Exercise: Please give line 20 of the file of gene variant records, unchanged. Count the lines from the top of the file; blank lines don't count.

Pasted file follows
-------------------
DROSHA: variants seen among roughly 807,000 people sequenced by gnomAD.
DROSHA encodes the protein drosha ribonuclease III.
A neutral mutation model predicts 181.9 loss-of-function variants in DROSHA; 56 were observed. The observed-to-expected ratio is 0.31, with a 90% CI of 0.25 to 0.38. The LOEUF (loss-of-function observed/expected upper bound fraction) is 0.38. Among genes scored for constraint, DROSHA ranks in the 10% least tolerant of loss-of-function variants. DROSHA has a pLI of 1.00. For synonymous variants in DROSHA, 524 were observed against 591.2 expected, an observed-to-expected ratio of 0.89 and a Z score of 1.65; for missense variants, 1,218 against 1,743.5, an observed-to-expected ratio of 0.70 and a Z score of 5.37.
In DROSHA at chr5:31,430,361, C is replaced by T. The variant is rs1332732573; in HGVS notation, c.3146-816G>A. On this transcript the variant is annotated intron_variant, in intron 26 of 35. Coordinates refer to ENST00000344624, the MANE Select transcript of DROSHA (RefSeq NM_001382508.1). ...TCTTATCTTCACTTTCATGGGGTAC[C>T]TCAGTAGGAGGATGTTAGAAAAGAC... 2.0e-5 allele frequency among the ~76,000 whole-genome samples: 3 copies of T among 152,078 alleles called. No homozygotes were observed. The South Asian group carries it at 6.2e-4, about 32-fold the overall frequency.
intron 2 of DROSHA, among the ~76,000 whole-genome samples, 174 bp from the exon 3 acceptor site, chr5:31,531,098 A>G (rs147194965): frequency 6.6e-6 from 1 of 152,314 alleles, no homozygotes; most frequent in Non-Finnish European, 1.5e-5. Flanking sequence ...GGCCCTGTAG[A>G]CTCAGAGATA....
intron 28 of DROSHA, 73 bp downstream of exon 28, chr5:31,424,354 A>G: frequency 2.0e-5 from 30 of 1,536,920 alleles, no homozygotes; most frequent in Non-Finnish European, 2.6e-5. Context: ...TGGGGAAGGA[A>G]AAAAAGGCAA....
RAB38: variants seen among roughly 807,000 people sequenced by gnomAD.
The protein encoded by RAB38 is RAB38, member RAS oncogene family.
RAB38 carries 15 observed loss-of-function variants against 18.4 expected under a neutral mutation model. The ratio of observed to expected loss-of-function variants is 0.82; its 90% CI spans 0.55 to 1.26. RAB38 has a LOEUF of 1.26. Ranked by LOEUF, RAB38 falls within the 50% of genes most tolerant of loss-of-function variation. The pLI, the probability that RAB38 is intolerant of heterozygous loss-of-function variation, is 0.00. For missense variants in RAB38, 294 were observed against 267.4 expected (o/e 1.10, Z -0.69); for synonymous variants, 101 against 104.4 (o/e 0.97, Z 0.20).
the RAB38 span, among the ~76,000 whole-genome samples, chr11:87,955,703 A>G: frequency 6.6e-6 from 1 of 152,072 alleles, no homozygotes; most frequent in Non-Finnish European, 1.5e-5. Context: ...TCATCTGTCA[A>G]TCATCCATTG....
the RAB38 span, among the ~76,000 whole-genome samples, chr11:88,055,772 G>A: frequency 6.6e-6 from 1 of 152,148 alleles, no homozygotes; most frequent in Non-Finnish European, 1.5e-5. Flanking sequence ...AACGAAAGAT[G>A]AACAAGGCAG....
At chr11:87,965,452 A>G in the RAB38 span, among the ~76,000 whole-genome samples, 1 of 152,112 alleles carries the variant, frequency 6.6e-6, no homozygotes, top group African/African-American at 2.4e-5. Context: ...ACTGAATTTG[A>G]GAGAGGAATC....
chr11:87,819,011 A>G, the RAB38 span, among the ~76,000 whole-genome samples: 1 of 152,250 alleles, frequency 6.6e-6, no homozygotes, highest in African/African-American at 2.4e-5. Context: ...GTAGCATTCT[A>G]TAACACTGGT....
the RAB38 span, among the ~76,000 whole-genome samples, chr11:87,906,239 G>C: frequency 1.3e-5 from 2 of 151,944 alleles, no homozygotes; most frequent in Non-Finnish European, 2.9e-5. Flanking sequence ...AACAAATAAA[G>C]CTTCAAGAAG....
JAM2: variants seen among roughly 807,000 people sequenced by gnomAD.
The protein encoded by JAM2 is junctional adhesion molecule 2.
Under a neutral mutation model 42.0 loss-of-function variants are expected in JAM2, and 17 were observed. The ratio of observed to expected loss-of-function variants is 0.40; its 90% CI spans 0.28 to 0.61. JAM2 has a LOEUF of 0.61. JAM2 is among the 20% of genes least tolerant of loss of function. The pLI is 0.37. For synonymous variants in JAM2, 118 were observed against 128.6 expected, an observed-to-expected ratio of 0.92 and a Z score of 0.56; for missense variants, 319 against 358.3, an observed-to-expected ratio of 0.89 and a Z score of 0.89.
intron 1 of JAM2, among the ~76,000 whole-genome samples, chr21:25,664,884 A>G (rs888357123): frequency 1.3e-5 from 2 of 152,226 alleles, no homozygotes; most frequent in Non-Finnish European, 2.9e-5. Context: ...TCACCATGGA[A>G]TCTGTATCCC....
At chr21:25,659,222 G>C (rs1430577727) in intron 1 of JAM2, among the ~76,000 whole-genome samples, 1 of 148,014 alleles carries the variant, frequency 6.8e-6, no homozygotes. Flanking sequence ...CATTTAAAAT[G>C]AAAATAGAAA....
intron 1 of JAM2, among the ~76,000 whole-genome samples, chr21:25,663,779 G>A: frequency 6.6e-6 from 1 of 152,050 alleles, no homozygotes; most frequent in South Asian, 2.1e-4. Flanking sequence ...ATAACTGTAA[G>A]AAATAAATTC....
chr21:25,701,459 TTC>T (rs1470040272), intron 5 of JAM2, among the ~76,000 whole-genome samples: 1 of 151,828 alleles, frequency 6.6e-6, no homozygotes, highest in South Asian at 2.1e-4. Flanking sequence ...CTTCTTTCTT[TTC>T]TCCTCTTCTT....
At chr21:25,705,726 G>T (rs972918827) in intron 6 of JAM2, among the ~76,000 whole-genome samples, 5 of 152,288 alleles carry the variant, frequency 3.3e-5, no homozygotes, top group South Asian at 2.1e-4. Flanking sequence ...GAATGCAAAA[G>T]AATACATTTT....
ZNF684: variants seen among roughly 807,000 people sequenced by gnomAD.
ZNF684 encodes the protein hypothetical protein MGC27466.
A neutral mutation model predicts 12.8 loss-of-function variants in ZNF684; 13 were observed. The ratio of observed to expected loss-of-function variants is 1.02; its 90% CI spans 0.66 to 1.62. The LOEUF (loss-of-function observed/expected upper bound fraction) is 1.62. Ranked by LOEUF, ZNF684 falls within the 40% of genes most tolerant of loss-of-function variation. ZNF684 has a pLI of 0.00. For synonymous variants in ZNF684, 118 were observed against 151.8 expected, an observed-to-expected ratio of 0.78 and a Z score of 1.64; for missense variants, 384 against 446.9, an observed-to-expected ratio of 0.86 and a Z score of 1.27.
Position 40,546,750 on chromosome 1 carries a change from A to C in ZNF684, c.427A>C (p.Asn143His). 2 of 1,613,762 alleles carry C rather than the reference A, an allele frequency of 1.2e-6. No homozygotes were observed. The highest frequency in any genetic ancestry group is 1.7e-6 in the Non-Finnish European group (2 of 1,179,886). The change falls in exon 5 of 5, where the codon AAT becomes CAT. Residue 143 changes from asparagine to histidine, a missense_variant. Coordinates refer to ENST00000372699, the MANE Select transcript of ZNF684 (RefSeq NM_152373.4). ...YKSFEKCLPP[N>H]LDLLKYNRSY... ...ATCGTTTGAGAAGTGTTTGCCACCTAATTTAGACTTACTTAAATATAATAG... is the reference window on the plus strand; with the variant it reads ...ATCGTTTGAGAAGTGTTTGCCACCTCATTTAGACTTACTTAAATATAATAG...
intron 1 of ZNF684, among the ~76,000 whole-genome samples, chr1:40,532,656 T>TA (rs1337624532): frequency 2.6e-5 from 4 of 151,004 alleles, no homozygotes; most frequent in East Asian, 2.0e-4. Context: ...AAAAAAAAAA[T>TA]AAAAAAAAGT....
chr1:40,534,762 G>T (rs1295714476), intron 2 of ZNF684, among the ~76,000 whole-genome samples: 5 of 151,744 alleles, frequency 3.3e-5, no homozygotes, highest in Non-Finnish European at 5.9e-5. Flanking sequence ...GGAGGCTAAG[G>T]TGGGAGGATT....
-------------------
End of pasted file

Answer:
intron 1 of JAM2, among the ~76,000 whole-genome samples, chr21:25,663,779 G>A: frequency 6.6e-6 from 1 of 152,050 alleles, no homozygotes; most frequent in South Asian, 2.1e-4. Flanking sequence ...ATAACTGTAA[G>A]AAATAAATTC....